It's sometimes easier to connect and bond with animals than it is to bond with other humans, which is why we often do everything we can to extend the lives of our pets.
While cats are known best for their independence, once you've formed a bond with your kitty, it's unbreakable. Saying goodbye to your cat is no different than losing a family member — especially if you've been pals for years.
Your cat's food brand matters, but not as much as cat food types. Wet cat food retains vital nutrients like taurine that your cat needs. The least expensive canned cat food is better for your pet than the most expensive dry food.
Dry cat food is processed at extremely high temperatures to eliminate any remaining bacteria. But this processing also depletes all the kibble's nutritional aspects. Wet food serves a dual purpose; it provides what your kitty needs for a balanced diet and the moisture necessary to keep your cat's system functioning optimally.
You don't necessarily need a scale to know if your kitty has put on a few too many pounds. Obesity in cats isn't healthy and can lead to digestive and liver issues.
Cats that are overweight may have problems processing sugars in foods and treats, and excessive weight on their fragile bones can lead to arthritis and joint stress. A feline that's underweight may also have underlying health issues. Your vet can recommend the right kind of food, feeding schedule, and exercise routine for your kitty.
It's fun to reward a pet when they've learned a new trick or has just been well-behaved. But it's essential to track how many treats your cat receives daily.
It's hard to say no to that purring face, but your cat's diet should be comprised of 95% actual cat food. Treats should be at most 5% of their diet, or you may find getting your kitty to eat their regular food increasingly tricky.
Can you imagine if every time you used the bathroom, there was no such thing as flushing? Things would get awfully stinky, not to mention unsanitary, rather quickly. Your kitty deserves the same cleanliness.
You can't flush a litter box, but you can make cleaning it a part of your daily chores. Scooping out the clumps every time you notice them is the best way to catch changes in your cat's bathroom habits and keep tabs on their health. Plus, scooping throughout the day keeps your home smelling fresh.
Every day, millions of cigarettes perish in a smoky haze. For animals that live in homes where cigarettes "die," none of the prognoses are good. Cats living in homes with smokers have an increased risk of developing lymph node cancer (lymphoma) and lung cancers. Lymphoma is typically fatal for felines.
Carcinogens in second-hand smoke fall to rest inside the home. The very places your cat roams become a minefield of toxic substances. Your kitty ingests these while grooming themselves, which can lead to other health issues, such as mouth tumors.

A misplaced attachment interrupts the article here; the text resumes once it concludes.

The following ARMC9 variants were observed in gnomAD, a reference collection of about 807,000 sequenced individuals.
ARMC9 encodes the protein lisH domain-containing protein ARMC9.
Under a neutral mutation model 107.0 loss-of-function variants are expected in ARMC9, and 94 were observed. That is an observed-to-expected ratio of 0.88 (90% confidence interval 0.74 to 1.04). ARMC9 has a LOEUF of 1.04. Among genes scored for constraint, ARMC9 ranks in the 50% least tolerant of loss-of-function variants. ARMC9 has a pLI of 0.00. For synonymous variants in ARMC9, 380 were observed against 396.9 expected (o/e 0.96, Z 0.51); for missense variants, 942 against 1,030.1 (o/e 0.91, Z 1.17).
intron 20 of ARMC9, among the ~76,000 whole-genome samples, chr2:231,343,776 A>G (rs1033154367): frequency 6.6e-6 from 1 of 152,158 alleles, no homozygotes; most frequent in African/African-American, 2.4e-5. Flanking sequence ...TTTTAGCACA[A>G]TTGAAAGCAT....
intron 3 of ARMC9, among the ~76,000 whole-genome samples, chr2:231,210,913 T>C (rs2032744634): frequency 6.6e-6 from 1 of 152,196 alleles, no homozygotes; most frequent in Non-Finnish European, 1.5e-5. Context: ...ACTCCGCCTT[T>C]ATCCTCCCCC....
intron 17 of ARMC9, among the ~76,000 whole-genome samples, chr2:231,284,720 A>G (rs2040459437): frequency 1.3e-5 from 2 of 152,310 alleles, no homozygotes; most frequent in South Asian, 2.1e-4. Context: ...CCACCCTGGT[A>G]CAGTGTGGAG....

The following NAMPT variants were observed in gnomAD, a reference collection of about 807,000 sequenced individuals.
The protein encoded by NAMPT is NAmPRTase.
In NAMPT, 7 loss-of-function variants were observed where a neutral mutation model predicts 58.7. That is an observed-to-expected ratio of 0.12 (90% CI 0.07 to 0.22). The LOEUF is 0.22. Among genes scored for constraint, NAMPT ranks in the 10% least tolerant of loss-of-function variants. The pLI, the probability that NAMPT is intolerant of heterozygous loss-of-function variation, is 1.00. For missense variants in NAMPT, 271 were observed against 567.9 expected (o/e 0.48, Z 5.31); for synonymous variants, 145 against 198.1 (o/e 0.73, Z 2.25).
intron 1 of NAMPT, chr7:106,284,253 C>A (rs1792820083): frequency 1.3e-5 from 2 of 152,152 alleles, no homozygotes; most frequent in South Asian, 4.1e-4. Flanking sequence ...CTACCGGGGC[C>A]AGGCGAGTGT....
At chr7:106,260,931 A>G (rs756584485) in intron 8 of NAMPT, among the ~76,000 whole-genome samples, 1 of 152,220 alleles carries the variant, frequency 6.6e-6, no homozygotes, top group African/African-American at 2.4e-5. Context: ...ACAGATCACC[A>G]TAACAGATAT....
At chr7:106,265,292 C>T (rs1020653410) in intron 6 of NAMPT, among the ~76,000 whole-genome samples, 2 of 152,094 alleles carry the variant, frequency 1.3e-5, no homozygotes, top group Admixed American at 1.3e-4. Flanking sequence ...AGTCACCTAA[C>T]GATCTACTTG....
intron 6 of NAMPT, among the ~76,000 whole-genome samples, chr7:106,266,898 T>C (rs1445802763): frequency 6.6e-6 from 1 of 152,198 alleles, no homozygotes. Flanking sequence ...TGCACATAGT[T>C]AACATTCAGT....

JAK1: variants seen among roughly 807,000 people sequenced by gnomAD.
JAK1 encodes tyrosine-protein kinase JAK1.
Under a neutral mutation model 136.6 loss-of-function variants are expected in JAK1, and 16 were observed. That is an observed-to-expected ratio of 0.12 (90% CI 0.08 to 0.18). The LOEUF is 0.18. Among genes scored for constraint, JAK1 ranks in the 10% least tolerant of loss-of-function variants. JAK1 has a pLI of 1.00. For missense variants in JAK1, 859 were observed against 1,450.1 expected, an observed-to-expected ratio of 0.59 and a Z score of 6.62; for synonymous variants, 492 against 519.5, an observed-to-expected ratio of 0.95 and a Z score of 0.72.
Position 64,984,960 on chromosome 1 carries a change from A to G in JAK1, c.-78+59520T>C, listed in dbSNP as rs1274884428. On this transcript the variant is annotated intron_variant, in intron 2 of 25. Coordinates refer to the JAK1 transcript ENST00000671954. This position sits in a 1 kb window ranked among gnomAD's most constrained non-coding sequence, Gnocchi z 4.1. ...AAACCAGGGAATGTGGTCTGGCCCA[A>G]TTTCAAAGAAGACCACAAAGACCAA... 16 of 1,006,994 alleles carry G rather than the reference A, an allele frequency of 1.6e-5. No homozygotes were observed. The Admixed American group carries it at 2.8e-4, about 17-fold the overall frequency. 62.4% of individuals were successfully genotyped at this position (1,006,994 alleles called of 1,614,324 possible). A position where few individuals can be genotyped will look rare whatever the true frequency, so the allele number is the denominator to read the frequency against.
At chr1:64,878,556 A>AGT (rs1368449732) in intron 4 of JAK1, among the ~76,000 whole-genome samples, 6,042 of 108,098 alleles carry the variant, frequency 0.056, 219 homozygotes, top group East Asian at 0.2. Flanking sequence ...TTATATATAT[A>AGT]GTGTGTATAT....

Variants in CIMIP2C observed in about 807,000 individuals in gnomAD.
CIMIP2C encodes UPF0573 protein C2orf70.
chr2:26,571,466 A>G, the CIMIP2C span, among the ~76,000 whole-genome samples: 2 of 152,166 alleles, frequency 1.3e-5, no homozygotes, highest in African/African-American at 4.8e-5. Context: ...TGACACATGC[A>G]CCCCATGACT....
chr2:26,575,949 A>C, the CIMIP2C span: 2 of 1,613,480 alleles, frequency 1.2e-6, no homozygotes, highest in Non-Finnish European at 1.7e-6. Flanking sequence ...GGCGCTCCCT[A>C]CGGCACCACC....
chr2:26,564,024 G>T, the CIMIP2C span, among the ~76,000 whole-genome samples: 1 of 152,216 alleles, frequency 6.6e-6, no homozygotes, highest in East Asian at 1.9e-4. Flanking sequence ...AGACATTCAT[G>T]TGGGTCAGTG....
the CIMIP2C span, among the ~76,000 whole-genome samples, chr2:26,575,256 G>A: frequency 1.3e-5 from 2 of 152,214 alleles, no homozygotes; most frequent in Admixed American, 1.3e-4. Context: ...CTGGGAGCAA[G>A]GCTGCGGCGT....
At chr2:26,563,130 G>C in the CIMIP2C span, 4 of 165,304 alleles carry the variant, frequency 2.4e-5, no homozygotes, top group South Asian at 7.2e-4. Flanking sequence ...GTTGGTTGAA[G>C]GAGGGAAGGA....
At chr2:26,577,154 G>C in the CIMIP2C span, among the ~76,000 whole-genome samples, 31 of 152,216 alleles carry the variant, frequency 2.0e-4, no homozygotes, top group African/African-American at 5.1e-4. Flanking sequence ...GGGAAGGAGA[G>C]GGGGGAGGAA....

The occasional mouse in your home is bound to happen. But if you have a rodent problem, natural pest control methods are best when you have cats.
If you use chemicals, there's always the danger that your pet could accidentally eat some of the poison if they sniff it out. It could also be dangerous, although most likely not fatal, if your cat eats a mouse that's already eaten the poison. If your home or farm has a rodent problem, snap traps are the better option for the health and safety of your kitty.
Grooming your cat is something you can do yourself at home, and it has multiple benefits. With a small cat brush, you can maintain your cat's shiny coat, remove tangled tufts of hair before they're unmanageable, and become acquainted with the nuances of your kitty's body. Hairballs are uncomfortable; they can cause vomiting or asphyxiation.
A short brushing session can prevent these and help you spot any changes in your cat's body as soon as they arise.
Cats can be outdoor-only pets that always stay near your home (like a barn cat), a combination of indoor/outdoor where they split their time pretty evenly, spending nights inside, or indoor-only (like those in high-rise apartments), and each way serves a purpose.
Outdoor barn cats might help control the barn's mouse population, whereas indoor apartment cats keep you company and have no need to go outside. Whenever possible, keeping your cat inside can keep those nine lives intact and free from dangers the outside world poses, such as poisons, animal attacks, or getting hit by a car.
Cats differ from dogs in more ways than one, but one of the most striking differences is how they like their water. Dogs will drink from the mud puddle outside, but cats prefer crystal-clear, clean water.
Kitties are naturally predatory animals and, in the wild, a cat can find many sources of fresh water — but they won't drink from a puddle next to their latest kill or in a spot they use for bathroom activities. The same is true of your domestic feline. If you think they aren't getting enough water, move the water bowl away from the food bowl.
Two people in this world truly know your cat: you and your cat's veterinarian. Regular visits include wellness checks and labs to scan for potentially life-threatening diseases or other typical cat issues so you can address the diagnosis before it becomes a problem.
Plus, your vet can keep your cat up to date on vaccines, flea treatments, heartworm medication and keep your feline friend in optimal health for all nine lives.
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